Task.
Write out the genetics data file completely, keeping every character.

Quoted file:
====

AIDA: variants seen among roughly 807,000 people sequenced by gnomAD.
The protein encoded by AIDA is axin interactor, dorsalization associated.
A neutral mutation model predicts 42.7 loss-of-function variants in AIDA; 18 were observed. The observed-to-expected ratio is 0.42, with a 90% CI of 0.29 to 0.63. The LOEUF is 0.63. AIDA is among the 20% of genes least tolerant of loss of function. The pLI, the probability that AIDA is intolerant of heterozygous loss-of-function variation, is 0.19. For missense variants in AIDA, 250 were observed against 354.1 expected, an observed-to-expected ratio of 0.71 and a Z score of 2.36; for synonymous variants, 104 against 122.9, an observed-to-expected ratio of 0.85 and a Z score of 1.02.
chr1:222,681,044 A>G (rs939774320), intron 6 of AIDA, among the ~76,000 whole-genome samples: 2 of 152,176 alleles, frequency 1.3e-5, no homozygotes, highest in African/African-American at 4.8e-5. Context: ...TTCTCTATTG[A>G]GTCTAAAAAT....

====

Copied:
AIDA: variants seen among roughly 807,000 people sequenced by gnomAD.
The protein encoded by AIDA is axin interactor, dorsalization associated.
A neutral mutation model predicts 42.7 loss-of-function variants in AIDA; 18 were observed. The observed-to-expected ratio is 0.42, with a 90% CI of 0.29 to 0.63. The LOEUF is 0.63. AIDA is among the 20% of genes least tolerant of loss of function. The pLI, the probability that AIDA is intolerant of heterozygous loss-of-function variation, is 0.19. For missense variants in AIDA, 250 were observed against 354.1 expected, an observed-to-expected ratio of 0.71 and a Z score of 2.36; for synonymous variants, 104 against 122.9, an observed-to-expected ratio of 0.85 and a Z score of 1.02.
chr1:222,681,044 A>G (rs939774320), intron 6 of AIDA, among the ~76,000 whole-genome samples: 2 of 152,176 alleles, frequency 1.3e-5, no homozygotes, highest in African/African-American at 4.8e-5. Context: ...TTCTCTATTG[A>G]GTCTAAAAAT....